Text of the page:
What do you do when one of your major key accounts decides to talk with your boss because they are not happy?
We had agreed before I went to see Brian that we were not going to meet his demands of lowering our price. His demands were unreasonable and we couldn’t afford to drop our price anyway. It wasn’t as if it would be passed on the consumer to help promote more sales. It was all about margin.
So after about 30 minutes of the meeting, Brian asked if we were going to meet his demand. I said no, and gave him the reasons. Let’s just say he wasn’t jumping with joy. And then he said, “OK we’ll see about this. Do I have to call your boss?”
Has this happened to you? They not only threaten to, but they do call your boss?
This is a difficult and delicate situation. So how do we avoid this? If it does happen, how do we manage it so the relationship and the business remain intact?
Sometimes these situations come out of nowhere. But very often there are warning signs beforehand. The customer is not engaged, they become withdrawn and uncommunicative.
It seems obvious, but I have seen this happen many times. An account manager knows they are facing a meeting where there will be a major confrontation over terms. Yet, they do not warn their supervisor or discuss it with them beforehand and get agreement together. This is asking for trouble.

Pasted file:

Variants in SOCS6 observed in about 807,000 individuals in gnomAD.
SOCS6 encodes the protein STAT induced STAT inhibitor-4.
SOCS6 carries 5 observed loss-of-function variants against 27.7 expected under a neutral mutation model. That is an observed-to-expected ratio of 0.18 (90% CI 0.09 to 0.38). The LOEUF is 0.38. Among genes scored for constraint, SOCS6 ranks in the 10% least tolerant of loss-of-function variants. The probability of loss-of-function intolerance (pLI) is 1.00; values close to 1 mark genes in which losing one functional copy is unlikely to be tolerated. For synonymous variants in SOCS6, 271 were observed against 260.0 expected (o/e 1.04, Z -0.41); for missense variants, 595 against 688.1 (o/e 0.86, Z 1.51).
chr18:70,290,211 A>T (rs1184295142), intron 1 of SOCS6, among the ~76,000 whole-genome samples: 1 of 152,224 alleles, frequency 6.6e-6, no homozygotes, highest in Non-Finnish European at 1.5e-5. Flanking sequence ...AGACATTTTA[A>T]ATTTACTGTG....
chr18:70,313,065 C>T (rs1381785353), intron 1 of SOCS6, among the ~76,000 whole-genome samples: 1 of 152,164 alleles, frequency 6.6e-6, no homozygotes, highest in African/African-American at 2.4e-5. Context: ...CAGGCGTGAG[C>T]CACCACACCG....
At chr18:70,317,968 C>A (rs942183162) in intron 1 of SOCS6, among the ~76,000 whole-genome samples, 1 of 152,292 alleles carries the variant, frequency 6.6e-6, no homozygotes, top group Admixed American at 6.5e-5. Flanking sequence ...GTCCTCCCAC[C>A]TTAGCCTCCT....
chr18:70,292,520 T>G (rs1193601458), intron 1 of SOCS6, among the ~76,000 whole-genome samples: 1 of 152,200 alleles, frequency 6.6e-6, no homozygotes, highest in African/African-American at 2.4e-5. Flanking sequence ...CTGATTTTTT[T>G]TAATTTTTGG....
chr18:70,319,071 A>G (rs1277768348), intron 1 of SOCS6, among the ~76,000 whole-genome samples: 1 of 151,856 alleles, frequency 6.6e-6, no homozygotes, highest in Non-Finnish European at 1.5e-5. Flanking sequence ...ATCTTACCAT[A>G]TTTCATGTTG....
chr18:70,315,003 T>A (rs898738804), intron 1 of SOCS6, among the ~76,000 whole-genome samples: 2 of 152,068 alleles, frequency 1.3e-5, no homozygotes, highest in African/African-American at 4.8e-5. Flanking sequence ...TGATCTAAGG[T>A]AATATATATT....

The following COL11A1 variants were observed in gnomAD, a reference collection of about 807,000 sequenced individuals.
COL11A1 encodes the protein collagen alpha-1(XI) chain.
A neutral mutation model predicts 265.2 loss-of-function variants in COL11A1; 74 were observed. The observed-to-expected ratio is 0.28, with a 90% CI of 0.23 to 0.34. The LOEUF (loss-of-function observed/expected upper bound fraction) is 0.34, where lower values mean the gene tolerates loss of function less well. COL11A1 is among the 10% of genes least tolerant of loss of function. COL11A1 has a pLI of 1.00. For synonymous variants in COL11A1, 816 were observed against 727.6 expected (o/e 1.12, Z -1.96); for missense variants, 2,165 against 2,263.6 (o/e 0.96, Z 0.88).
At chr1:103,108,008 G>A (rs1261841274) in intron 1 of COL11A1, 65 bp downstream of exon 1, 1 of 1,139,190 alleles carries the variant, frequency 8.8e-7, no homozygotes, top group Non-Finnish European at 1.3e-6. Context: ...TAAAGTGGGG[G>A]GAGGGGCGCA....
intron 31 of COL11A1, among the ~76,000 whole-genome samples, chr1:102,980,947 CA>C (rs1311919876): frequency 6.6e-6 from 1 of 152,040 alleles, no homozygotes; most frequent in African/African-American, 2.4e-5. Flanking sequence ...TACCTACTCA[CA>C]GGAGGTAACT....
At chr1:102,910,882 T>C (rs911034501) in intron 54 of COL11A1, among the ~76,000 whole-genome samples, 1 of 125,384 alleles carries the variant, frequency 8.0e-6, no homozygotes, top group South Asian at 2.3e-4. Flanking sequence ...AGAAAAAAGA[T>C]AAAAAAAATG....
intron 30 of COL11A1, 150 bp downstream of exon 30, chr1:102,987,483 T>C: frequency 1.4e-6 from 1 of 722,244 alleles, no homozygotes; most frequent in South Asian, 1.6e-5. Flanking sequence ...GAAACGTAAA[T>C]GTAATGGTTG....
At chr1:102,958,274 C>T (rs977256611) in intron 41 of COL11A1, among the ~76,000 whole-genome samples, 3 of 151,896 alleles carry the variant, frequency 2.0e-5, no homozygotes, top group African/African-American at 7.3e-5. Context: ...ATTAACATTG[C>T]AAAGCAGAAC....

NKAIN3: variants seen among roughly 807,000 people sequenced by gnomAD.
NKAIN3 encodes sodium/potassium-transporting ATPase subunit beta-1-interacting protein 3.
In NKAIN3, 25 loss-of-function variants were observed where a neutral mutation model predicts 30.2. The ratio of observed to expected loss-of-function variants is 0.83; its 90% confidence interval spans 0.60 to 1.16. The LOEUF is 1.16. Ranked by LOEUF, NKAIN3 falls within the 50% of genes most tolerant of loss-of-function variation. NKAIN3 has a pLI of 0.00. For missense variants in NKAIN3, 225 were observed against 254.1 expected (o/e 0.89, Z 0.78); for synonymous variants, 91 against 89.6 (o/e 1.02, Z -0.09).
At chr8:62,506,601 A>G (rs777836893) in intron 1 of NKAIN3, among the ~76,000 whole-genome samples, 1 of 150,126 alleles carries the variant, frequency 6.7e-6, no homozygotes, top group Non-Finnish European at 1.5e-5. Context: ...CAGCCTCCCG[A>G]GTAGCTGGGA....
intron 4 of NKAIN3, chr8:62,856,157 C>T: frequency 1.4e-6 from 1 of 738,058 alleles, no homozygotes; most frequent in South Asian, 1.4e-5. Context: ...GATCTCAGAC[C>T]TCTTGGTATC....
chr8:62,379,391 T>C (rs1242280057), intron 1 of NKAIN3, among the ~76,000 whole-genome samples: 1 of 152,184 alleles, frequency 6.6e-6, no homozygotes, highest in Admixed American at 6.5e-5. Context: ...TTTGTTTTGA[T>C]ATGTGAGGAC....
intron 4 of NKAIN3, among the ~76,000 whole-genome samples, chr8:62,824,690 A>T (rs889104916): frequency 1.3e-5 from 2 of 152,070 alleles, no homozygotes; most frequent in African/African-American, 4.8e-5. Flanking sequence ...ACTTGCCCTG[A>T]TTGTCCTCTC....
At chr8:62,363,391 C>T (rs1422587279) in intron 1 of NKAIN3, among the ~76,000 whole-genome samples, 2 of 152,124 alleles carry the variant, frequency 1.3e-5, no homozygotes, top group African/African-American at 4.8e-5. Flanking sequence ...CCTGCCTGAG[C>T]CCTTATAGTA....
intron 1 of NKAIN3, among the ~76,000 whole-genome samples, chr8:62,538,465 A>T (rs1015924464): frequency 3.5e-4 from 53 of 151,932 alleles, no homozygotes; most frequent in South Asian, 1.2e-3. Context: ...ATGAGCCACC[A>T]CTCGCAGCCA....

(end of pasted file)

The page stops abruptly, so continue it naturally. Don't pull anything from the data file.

As we want the conversation to remain on this level just between the two parties, we do not want it to escalate. Therefore, we should try and prevent it going further by probing to see of there is a possibility of a compromise.
Then we should suggest that we will discuss it with our manager.
The next position to take would be to suggest we schedule another visit with the boss as well. This buys some time to resolve the matter before such a meeting becomes necessary.
On leaving the meeting, before we’ve even left the building, we should call the boss and tell him what happened. The last thing we want is the boss calling US to say they had been reached by an irate customer. This protects your boss by making them aware of the issue beforehand. We can then discuss a reaction if they do call them.
Building relationships means building trust and respect. One of the ways of doing this is managing expectations. We should try at all times to avoid ever getting to the situation where we are threatened with calling the boss in.
Have you faced a situation like this? Has your customer threatened to call your boss? How were you able to deal with it?